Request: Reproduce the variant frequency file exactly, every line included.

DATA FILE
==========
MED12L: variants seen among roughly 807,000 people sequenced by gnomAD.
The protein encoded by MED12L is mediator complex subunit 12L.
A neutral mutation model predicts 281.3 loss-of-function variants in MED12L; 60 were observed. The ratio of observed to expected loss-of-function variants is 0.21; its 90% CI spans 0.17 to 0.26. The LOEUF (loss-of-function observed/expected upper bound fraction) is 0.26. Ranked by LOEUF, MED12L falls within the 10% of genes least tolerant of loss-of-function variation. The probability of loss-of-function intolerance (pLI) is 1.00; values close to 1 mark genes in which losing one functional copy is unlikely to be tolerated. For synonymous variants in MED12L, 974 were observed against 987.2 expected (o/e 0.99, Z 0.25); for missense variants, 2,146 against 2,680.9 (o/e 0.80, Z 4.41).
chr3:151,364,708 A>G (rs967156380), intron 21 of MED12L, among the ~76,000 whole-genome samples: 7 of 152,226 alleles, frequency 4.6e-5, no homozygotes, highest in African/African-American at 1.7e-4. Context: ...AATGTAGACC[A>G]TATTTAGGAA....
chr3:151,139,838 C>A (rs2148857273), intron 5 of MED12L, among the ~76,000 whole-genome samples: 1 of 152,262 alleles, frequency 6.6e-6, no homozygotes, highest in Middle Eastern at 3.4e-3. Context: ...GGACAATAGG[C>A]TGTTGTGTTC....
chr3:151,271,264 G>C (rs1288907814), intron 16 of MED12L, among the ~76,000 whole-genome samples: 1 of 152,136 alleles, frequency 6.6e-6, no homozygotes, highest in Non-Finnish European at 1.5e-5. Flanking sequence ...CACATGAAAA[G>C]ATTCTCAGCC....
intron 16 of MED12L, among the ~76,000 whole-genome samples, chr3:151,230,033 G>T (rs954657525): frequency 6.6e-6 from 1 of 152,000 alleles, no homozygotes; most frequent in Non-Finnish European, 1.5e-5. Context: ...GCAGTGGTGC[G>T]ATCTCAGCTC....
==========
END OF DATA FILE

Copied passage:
MED12L: variants seen among roughly 807,000 people sequenced by gnomAD.
The protein encoded by MED12L is mediator complex subunit 12L.
A neutral mutation model predicts 281.3 loss-of-function variants in MED12L; 60 were observed. The ratio of observed to expected loss-of-function variants is 0.21; its 90% CI spans 0.17 to 0.26. The LOEUF (loss-of-function observed/expected upper bound fraction) is 0.26. Ranked by LOEUF, MED12L falls within the 10% of genes least tolerant of loss-of-function variation. The probability of loss-of-function intolerance (pLI) is 1.00; values close to 1 mark genes in which losing one functional copy is unlikely to be tolerated. For synonymous variants in MED12L, 974 were observed against 987.2 expected (o/e 0.99, Z 0.25); for missense variants, 2,146 against 2,680.9 (o/e 0.80, Z 4.41).
chr3:151,364,708 A>G (rs967156380), intron 21 of MED12L, among the ~76,000 whole-genome samples: 7 of 152,226 alleles, frequency 4.6e-5, no homozygotes, highest in African/African-American at 1.7e-4. Context: ...AATGTAGACC[A>G]TATTTAGGAA....
chr3:151,139,838 C>A (rs2148857273), intron 5 of MED12L, among the ~76,000 whole-genome samples: 1 of 152,262 alleles, frequency 6.6e-6, no homozygotes, highest in Middle Eastern at 3.4e-3. Context: ...GGACAATAGG[C>A]TGTTGTGTTC....
chr3:151,271,264 G>C (rs1288907814), intron 16 of MED12L, among the ~76,000 whole-genome samples: 1 of 152,136 alleles, frequency 6.6e-6, no homozygotes, highest in Non-Finnish European at 1.5e-5. Flanking sequence ...CACATGAAAA[G>C]ATTCTCAGCC....
intron 16 of MED12L, among the ~76,000 whole-genome samples, chr3:151,230,033 G>T (rs954657525): frequency 6.6e-6 from 1 of 152,000 alleles, no homozygotes; most frequent in Non-Finnish European, 1.5e-5. Context: ...GCAGTGGTGC[G>T]ATCTCAGCTC....